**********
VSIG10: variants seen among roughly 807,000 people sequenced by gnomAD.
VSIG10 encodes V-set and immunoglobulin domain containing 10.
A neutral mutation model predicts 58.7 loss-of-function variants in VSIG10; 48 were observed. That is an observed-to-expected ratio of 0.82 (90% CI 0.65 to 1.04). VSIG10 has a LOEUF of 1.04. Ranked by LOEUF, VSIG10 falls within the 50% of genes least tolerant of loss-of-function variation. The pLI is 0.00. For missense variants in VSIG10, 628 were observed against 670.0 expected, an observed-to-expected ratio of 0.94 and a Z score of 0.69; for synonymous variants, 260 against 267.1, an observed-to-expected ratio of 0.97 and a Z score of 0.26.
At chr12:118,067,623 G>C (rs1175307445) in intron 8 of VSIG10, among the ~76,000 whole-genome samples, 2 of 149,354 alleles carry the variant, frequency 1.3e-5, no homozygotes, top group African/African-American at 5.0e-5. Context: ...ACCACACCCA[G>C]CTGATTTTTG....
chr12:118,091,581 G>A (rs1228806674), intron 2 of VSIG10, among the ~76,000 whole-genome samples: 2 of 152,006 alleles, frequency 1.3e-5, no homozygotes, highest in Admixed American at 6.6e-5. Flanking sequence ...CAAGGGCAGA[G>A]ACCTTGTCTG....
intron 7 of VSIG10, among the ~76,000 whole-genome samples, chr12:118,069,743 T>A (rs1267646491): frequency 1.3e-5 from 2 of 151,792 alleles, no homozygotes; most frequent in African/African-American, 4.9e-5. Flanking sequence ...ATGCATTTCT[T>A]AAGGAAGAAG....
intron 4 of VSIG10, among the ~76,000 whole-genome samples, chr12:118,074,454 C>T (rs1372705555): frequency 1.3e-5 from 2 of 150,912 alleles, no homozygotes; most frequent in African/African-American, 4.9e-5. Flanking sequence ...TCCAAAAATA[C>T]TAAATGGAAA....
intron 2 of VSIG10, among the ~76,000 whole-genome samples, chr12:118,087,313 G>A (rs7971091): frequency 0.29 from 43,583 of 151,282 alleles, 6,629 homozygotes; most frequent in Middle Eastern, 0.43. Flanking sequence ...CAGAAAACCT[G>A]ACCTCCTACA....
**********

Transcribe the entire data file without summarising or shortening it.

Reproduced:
VSIG10: variants seen among roughly 807,000 people sequenced by gnomAD.
VSIG10 encodes V-set and immunoglobulin domain containing 10.
A neutral mutation model predicts 58.7 loss-of-function variants in VSIG10; 48 were observed. That is an observed-to-expected ratio of 0.82 (90% CI 0.65 to 1.04). VSIG10 has a LOEUF of 1.04. Ranked by LOEUF, VSIG10 falls within the 50% of genes least tolerant of loss-of-function variation. The pLI is 0.00. For missense variants in VSIG10, 628 were observed against 670.0 expected, an observed-to-expected ratio of 0.94 and a Z score of 0.69; for synonymous variants, 260 against 267.1, an observed-to-expected ratio of 0.97 and a Z score of 0.26.
At chr12:118,067,623 G>C (rs1175307445) in intron 8 of VSIG10, among the ~76,000 whole-genome samples, 2 of 149,354 alleles carry the variant, frequency 1.3e-5, no homozygotes, top group African/African-American at 5.0e-5. Context: ...ACCACACCCA[G>C]CTGATTTTTG....
chr12:118,091,581 G>A (rs1228806674), intron 2 of VSIG10, among the ~76,000 whole-genome samples: 2 of 152,006 alleles, frequency 1.3e-5, no homozygotes, highest in Admixed American at 6.6e-5. Flanking sequence ...CAAGGGCAGA[G>A]ACCTTGTCTG....
intron 7 of VSIG10, among the ~76,000 whole-genome samples, chr12:118,069,743 T>A (rs1267646491): frequency 1.3e-5 from 2 of 151,792 alleles, no homozygotes; most frequent in African/African-American, 4.9e-5. Flanking sequence ...ATGCATTTCT[T>A]AAGGAAGAAG....
intron 4 of VSIG10, among the ~76,000 whole-genome samples, chr12:118,074,454 C>T (rs1372705555): frequency 1.3e-5 from 2 of 150,912 alleles, no homozygotes; most frequent in African/African-American, 4.9e-5. Flanking sequence ...TCCAAAAATA[C>T]TAAATGGAAA....
intron 2 of VSIG10, among the ~76,000 whole-genome samples, chr12:118,087,313 G>A (rs7971091): frequency 0.29 from 43,583 of 151,282 alleles, 6,629 homozygotes; most frequent in Middle Eastern, 0.43. Flanking sequence ...CAGAAAACCT[G>A]ACCTCCTACA....